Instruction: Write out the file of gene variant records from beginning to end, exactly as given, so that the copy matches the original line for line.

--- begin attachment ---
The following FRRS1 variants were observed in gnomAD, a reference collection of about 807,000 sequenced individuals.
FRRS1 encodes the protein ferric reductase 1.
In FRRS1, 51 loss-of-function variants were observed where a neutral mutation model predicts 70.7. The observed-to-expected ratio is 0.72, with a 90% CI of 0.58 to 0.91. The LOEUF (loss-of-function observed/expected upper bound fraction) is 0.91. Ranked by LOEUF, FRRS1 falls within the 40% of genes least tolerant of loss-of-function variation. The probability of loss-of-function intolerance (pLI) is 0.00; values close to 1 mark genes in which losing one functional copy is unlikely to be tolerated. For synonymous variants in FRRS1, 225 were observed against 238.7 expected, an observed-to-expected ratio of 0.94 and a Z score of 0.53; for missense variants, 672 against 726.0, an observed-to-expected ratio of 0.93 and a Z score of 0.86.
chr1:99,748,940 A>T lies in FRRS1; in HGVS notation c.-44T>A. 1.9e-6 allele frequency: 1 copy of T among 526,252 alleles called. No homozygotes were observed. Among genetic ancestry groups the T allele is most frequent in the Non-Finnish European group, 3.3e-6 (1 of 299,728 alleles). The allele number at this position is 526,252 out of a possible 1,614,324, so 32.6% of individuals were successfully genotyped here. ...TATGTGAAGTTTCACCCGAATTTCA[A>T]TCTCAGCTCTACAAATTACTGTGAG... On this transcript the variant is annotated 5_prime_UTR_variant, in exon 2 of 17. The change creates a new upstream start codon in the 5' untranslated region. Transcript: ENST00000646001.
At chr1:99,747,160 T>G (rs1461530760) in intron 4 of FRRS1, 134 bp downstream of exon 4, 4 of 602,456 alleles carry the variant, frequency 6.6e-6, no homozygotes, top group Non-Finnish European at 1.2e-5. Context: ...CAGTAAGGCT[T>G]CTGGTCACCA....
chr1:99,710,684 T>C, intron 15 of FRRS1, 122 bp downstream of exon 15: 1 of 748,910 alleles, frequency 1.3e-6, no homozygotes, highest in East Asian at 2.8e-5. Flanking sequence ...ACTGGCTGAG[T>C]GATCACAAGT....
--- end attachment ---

The following FRRS1 variants were observed in gnomAD, a reference collection of about 807,000 sequenced individuals.
FRRS1 encodes the protein ferric reductase 1.
In FRRS1, 51 loss-of-function variants were observed where a neutral mutation model predicts 70.7. The observed-to-expected ratio is 0.72, with a 90% CI of 0.58 to 0.91. The LOEUF (loss-of-function observed/expected upper bound fraction) is 0.91. Ranked by LOEUF, FRRS1 falls within the 40% of genes least tolerant of loss-of-function variation. The probability of loss-of-function intolerance (pLI) is 0.00; values close to 1 mark genes in which losing one functional copy is unlikely to be tolerated. For synonymous variants in FRRS1, 225 were observed against 238.7 expected, an observed-to-expected ratio of 0.94 and a Z score of 0.53; for missense variants, 672 against 726.0, an observed-to-expected ratio of 0.93 and a Z score of 0.86.
chr1:99,748,940 A>T lies in FRRS1; in HGVS notation c.-44T>A. 1.9e-6 allele frequency: 1 copy of T among 526,252 alleles called. No homozygotes were observed. Among genetic ancestry groups the T allele is most frequent in the Non-Finnish European group, 3.3e-6 (1 of 299,728 alleles). The allele number at this position is 526,252 out of a possible 1,614,324, so 32.6% of individuals were successfully genotyped here. ...TATGTGAAGTTTCACCCGAATTTCA[A>T]TCTCAGCTCTACAAATTACTGTGAG... On this transcript the variant is annotated 5_prime_UTR_variant, in exon 2 of 17. The change creates a new upstream start codon in the 5' untranslated region. Transcript: ENST00000646001.
At chr1:99,747,160 T>G (rs1461530760) in intron 4 of FRRS1, 134 bp downstream of exon 4, 4 of 602,456 alleles carry the variant, frequency 6.6e-6, no homozygotes, top group Non-Finnish European at 1.2e-5. Context: ...CAGTAAGGCT[T>G]CTGGTCACCA....
chr1:99,710,684 T>C, intron 15 of FRRS1, 122 bp downstream of exon 15: 1 of 748,910 alleles, frequency 1.3e-6, no homozygotes, highest in East Asian at 2.8e-5. Flanking sequence ...ACTGGCTGAG[T>C]GATCACAAGT....